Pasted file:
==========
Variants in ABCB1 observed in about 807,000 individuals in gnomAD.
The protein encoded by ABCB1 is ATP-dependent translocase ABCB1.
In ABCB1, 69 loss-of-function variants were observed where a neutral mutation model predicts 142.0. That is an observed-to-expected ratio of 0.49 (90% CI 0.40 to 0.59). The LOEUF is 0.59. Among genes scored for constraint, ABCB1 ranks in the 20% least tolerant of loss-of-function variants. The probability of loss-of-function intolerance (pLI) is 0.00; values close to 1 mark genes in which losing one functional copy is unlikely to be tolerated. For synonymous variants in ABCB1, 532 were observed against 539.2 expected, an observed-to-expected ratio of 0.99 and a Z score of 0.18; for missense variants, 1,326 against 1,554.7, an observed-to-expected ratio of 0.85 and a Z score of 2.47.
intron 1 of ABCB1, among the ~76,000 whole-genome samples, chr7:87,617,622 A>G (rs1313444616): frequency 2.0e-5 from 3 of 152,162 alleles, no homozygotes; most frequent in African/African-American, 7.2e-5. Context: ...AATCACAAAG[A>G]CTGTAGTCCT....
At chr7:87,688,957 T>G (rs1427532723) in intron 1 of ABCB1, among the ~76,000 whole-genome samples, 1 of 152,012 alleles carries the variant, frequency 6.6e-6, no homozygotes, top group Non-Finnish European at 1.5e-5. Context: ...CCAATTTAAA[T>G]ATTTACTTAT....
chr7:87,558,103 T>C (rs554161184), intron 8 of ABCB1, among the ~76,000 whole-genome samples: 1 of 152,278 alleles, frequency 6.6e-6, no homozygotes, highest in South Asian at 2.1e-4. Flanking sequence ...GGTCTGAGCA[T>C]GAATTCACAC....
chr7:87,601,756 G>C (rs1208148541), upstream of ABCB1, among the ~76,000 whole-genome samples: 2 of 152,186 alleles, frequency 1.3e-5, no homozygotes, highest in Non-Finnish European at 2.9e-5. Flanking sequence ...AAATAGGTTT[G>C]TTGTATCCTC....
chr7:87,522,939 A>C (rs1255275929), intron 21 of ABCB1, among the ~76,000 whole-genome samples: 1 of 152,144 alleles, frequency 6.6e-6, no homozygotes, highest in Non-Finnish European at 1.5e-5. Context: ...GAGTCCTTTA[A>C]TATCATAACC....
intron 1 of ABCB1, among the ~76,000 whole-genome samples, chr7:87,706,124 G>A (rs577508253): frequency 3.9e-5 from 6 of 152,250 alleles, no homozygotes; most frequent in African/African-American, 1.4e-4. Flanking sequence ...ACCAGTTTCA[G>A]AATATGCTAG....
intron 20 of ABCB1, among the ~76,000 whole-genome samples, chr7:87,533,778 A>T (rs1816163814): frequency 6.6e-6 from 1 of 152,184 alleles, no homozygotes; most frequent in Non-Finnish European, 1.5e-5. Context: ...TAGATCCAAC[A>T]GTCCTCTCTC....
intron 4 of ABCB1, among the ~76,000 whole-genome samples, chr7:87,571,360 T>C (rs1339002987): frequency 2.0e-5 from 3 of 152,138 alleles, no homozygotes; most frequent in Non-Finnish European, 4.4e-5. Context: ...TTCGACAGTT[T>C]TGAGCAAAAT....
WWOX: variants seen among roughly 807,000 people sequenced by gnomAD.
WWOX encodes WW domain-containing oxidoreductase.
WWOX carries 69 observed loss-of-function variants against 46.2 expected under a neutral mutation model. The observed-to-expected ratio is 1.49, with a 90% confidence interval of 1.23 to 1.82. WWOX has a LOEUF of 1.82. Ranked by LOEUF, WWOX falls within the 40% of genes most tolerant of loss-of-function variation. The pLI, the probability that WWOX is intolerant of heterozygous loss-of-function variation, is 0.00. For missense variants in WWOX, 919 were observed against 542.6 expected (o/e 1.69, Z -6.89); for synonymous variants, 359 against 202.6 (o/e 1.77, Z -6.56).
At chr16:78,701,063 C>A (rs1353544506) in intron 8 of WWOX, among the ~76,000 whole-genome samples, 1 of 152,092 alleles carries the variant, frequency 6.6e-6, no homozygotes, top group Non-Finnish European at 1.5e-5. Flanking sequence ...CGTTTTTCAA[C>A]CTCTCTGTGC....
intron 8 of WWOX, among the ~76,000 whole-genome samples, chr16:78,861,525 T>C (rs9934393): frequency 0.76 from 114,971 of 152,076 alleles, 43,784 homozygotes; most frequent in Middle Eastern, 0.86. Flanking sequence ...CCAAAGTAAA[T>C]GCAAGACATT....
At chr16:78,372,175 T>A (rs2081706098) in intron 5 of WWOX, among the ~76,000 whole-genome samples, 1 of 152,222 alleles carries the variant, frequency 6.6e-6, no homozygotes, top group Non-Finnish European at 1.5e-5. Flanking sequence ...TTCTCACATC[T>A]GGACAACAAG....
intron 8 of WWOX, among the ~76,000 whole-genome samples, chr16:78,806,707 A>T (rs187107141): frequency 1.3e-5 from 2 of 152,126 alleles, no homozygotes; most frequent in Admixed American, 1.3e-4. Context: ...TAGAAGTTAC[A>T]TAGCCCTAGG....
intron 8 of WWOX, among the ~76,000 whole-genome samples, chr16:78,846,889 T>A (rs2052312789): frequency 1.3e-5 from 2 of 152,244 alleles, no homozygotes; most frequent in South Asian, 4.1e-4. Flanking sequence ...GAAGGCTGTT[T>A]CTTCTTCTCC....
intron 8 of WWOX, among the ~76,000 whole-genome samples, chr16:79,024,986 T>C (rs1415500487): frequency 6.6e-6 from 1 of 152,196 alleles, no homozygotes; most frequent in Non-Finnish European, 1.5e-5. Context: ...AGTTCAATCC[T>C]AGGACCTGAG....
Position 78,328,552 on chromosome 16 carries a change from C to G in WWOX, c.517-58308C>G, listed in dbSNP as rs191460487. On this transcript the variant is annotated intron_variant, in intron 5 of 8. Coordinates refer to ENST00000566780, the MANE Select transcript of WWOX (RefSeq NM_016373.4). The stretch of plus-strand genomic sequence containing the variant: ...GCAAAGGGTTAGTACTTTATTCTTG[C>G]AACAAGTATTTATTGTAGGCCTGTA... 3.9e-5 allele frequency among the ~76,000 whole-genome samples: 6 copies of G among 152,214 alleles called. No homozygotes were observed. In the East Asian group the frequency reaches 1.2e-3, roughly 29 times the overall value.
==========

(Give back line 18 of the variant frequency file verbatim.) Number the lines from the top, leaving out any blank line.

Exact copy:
intron 8 of WWOX, among the ~76,000 whole-genome samples, chr16:78,806,707 A>T (rs187107141): frequency 1.3e-5 from 2 of 152,126 alleles, no homozygotes; most frequent in Admixed American, 1.3e-4. Context: ...TAGAAGTTAC[A>T]TAGCCCTAGG....